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Monday, December 19, 2005

Kids are inundated with marketing and advertising. And pushing Santa onto kids really just reinforces a gimme-gimme lifestyle. Because really, Santa equals commercialism. Tell the old guy in the red suit what you want and you'll get it, as long as you've been good and nice. That is most definitely not the spirit of the holidays. In our family, Christmas is about being thankful that we have each other and that we are together.

And so how did the spirit love and family and thankfulness get all mixed up with the spirit of spending? Or the spirit of getting? Or become the story of a man who travels the world in one night on a sleigh? Sure it's fun to pretend, but why is it wrong for kids to know that their parents give them presents? It feels good to give and that's why we do it. That seems like a fabulous lesson to teach kids.

We don't ignore Santa because there are many wonderful, entertaining stories, like The Polar Express. And, there's a great lesson to be learned from the Grinch: "It came without ribbons! It came without tags! It came without packages, boxes or bags!...Maybe Christmas doesn't come from a store. Maybe Christmas...perhaps...means a little bit more."

Permalink | Happy Holidays | Comments (5)


I agree with you both, I'm not into the idea of Santa who brings gobs and gobs of toys. I much prefer to foster a Christmas that has do do with enjoying family and sharing that love. We plan to keep the gifts to a minimum, and I'm not sure if Santa bring gifts at all. Maybe Santa will be the one responsible for bringing the spirit of Christmas...Amelia is 22 months, so this is still in development. Already people have been asking her if she's excited about Santa, so I can see that it may be hard to explain.

Posted by: Carabeth | Dec 19, 2005 7:00:28 PM

Carabeth is right. People are going to push Santa on you either way. I didn't even think that my neighbor would have a conversation with my 3-year-old about Santa. It's just what it is.

So, even though I would like to eradicate the commercialism that is Santa from our house, instead I have to mold it.

Santa brings one toy to my daughter. And it isn't even something all that fun.

We did bring her to sit on his lap because she really wanted to know what all the fuss in the mall was about. That, and we didn't have to wait in any lines. He asked her what she wanted for Christmas. She said, "A Christmas Tree."

Posted by: Hillary | Dec 20, 2005 1:02:26 PM

Hillary -- Love that answer! That is the perfect gift. I'm sure Mall Santa was caught off guard.

Posted by: Mother in Chief | Dec 20, 2005 8:34:17 PM

when my children were younger, i really struggled with the santa issue. i have a strange background in that i've gone from a fundamentalist christian to an atheist/agnostic. so over the years, the reason for my christmas struggles have changed.

what i've done is thus: santa brings one gift. it is a gift that really could have been made in a workshop. it is not a gift that santa bought in Toys R Us. Last year, my 6 year old (at the time) wanted a "fairy box" - we found these birch-bark boxes, made from real birch bark and crafted into box shape, and those were her Santa gift. my older daughter was 8, and was really struggling with whether or not santa was real. she got a set of reindeer antlers. as "proof."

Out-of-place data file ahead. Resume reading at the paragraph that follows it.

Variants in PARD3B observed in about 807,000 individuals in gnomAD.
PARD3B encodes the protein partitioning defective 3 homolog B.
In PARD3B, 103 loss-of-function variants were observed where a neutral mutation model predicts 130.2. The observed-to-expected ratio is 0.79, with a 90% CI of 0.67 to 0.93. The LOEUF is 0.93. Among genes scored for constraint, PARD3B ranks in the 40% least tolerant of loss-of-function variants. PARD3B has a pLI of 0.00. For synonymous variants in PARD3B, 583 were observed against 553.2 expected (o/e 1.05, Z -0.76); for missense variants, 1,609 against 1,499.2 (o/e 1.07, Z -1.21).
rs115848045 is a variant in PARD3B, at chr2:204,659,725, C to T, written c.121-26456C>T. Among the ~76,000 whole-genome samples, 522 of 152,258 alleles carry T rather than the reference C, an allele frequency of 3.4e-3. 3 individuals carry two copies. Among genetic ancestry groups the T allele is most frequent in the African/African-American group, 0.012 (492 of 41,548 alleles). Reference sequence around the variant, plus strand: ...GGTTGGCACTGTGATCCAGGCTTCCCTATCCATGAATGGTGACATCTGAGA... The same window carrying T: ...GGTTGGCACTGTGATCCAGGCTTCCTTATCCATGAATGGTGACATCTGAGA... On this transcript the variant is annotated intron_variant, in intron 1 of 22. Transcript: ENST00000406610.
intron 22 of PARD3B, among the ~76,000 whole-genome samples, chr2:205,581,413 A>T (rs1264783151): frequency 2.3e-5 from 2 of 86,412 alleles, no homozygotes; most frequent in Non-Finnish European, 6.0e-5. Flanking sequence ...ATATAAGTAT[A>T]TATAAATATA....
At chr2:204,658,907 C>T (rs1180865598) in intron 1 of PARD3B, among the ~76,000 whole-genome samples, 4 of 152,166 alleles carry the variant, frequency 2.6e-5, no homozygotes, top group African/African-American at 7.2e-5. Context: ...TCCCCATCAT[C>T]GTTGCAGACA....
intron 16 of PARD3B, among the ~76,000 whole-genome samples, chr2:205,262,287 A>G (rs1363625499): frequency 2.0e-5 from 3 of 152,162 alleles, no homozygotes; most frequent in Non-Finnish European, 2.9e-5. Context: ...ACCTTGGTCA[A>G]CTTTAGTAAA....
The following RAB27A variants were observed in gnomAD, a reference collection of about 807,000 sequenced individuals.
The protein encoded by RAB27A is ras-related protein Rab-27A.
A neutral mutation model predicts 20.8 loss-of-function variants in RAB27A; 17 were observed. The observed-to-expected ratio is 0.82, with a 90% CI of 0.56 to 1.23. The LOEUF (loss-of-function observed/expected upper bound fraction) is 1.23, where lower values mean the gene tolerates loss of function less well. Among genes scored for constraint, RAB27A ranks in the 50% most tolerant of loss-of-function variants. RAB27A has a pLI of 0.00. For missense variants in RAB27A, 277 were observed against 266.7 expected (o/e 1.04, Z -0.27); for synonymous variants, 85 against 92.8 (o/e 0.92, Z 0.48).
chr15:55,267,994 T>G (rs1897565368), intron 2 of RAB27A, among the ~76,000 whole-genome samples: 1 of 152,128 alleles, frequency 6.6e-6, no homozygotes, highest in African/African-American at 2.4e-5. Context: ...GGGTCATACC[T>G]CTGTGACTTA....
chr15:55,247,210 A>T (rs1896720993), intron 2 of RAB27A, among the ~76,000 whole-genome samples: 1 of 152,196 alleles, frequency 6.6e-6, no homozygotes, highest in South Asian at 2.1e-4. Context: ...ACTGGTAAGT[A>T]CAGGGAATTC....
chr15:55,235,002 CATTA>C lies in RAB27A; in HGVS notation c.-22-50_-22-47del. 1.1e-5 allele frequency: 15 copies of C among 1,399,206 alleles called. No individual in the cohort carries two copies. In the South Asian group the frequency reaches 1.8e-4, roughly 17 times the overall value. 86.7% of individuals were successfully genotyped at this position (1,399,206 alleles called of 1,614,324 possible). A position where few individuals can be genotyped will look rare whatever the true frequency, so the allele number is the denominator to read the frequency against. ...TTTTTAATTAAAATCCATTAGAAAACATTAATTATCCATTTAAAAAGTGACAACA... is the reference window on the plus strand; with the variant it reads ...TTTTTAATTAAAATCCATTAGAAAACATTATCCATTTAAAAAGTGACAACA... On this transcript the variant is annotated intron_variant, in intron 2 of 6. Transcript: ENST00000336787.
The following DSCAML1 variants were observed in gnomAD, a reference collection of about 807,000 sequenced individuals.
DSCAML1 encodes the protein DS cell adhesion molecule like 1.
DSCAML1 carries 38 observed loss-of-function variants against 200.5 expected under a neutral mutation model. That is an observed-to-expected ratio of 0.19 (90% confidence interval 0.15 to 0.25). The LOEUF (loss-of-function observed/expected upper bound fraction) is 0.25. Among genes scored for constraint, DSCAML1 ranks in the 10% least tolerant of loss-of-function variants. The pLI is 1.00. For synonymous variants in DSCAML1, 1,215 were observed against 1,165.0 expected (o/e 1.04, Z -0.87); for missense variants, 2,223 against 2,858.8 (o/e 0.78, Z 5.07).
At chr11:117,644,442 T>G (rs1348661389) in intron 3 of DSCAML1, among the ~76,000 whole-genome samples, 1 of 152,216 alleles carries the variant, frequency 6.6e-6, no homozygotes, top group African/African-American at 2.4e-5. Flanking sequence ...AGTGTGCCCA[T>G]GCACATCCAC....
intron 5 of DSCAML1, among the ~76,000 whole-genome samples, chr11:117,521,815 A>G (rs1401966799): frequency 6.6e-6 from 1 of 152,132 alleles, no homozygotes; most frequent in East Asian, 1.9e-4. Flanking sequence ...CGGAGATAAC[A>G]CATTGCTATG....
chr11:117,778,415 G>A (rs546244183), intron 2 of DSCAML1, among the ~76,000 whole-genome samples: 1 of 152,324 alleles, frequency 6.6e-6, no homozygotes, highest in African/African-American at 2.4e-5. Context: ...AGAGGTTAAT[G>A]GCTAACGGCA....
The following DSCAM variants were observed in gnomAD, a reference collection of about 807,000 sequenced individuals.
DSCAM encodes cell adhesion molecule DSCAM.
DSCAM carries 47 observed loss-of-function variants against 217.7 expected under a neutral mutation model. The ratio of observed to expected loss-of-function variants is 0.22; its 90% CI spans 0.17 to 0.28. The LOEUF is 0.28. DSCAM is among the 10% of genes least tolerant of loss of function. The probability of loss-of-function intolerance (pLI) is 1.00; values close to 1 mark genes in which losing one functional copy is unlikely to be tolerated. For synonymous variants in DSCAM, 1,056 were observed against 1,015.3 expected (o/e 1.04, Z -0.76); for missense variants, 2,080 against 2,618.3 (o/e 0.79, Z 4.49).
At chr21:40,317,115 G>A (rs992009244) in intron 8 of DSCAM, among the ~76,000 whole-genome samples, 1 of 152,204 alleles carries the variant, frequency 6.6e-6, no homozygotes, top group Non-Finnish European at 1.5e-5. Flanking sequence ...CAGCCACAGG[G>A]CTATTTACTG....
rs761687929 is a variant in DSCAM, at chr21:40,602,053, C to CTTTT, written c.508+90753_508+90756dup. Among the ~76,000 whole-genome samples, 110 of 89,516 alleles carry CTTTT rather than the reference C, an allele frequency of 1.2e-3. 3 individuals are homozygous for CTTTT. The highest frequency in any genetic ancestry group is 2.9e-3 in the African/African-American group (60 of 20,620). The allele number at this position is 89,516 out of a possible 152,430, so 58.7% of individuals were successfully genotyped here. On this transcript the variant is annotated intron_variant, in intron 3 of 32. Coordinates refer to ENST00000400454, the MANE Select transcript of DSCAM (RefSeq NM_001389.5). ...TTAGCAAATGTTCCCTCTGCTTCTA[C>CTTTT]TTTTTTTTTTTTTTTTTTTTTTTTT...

we also do home made gifts. this year, the girls wanted boxes to store their journals in, and i bought some very plain ones, and decoupaged a collage of very personal to them things on them. my husband made my younger daughter a bookshelf covered with tiger print fabric (her favorite animal) -- which is similar to the giraffe-shaped shelf he made my older daughter 2 years ago. he also made a fabric covered bulletin board in my oldest daughter's favorite colors for her.

the kids are 7 and 9, and while their friends are saying they want laptops and cell phones and iPods, they want art paper and boxes to keep their journals in. so somehow, this has worked.

Posted by: suzanne | Dec 21, 2005 9:30:59 AM

We teach that Mommy and Daddy give gifts, not Santa. (As it is our kids get to open gifts at 4 places; grandparents, aunts/uncles.) You can't get away from Santa, not when you have kids in public schools; (or any where in public really...) unless you live under a rock, and homeschool. I don't think it's my place to ruin it for other people's children, but we just don't go there in our house. For religious and social/commercial reasons. We give to others, and we teach about the spirit of giving, and why we give to others, as a symbol of the gifts Jesus received. We read a book called "Mommy, Was Santa born on Christmas too." I have to read an edited version, the book goes WAY far into the history of the story of Santa, but my oldest is starting to get it.

Posted by: Amanda | Dec 21, 2005 4:38:15 PM

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